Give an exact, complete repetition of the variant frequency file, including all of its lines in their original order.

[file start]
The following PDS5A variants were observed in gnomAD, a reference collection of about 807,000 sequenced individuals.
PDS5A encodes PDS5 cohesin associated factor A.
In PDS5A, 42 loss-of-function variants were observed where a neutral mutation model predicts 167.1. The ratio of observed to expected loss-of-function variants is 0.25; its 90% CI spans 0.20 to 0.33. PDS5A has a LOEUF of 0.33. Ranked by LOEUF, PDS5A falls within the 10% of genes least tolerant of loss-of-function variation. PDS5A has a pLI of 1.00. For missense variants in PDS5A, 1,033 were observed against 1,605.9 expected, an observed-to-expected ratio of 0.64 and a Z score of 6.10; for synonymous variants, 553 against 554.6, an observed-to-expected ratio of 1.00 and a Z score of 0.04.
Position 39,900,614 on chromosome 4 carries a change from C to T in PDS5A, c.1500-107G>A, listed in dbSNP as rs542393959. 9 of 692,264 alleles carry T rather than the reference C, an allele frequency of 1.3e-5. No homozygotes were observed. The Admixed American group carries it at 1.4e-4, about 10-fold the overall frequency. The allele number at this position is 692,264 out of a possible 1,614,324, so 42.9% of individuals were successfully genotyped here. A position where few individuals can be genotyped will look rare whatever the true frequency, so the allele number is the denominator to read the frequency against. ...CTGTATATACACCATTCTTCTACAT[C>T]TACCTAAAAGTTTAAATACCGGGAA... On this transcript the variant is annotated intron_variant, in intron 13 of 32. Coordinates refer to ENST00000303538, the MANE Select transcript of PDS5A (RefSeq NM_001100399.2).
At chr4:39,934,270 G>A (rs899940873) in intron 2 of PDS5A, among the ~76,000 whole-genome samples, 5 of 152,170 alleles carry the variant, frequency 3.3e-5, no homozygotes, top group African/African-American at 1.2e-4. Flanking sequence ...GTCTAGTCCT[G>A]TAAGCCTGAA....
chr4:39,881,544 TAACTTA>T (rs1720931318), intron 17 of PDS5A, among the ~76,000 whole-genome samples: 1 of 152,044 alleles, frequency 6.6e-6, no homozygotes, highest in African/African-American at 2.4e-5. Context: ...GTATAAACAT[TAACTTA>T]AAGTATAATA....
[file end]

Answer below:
The following PDS5A variants were observed in gnomAD, a reference collection of about 807,000 sequenced individuals.
PDS5A encodes PDS5 cohesin associated factor A.
In PDS5A, 42 loss-of-function variants were observed where a neutral mutation model predicts 167.1. The ratio of observed to expected loss-of-function variants is 0.25; its 90% CI spans 0.20 to 0.33. PDS5A has a LOEUF of 0.33. Ranked by LOEUF, PDS5A falls within the 10% of genes least tolerant of loss-of-function variation. PDS5A has a pLI of 1.00. For missense variants in PDS5A, 1,033 were observed against 1,605.9 expected, an observed-to-expected ratio of 0.64 and a Z score of 6.10; for synonymous variants, 553 against 554.6, an observed-to-expected ratio of 1.00 and a Z score of 0.04.
Position 39,900,614 on chromosome 4 carries a change from C to T in PDS5A, c.1500-107G>A, listed in dbSNP as rs542393959. 9 of 692,264 alleles carry T rather than the reference C, an allele frequency of 1.3e-5. No homozygotes were observed. The Admixed American group carries it at 1.4e-4, about 10-fold the overall frequency. The allele number at this position is 692,264 out of a possible 1,614,324, so 42.9% of individuals were successfully genotyped here. A position where few individuals can be genotyped will look rare whatever the true frequency, so the allele number is the denominator to read the frequency against. ...CTGTATATACACCATTCTTCTACAT[C>T]TACCTAAAAGTTTAAATACCGGGAA... On this transcript the variant is annotated intron_variant, in intron 13 of 32. Coordinates refer to ENST00000303538, the MANE Select transcript of PDS5A (RefSeq NM_001100399.2).
At chr4:39,934,270 G>A (rs899940873) in intron 2 of PDS5A, among the ~76,000 whole-genome samples, 5 of 152,170 alleles carry the variant, frequency 3.3e-5, no homozygotes, top group African/African-American at 1.2e-4. Flanking sequence ...GTCTAGTCCT[G>A]TAAGCCTGAA....
chr4:39,881,544 TAACTTA>T (rs1720931318), intron 17 of PDS5A, among the ~76,000 whole-genome samples: 1 of 152,044 alleles, frequency 6.6e-6, no homozygotes, highest in African/African-American at 2.4e-5. Context: ...GTATAAACAT[TAACTTA>T]AAGTATAATA....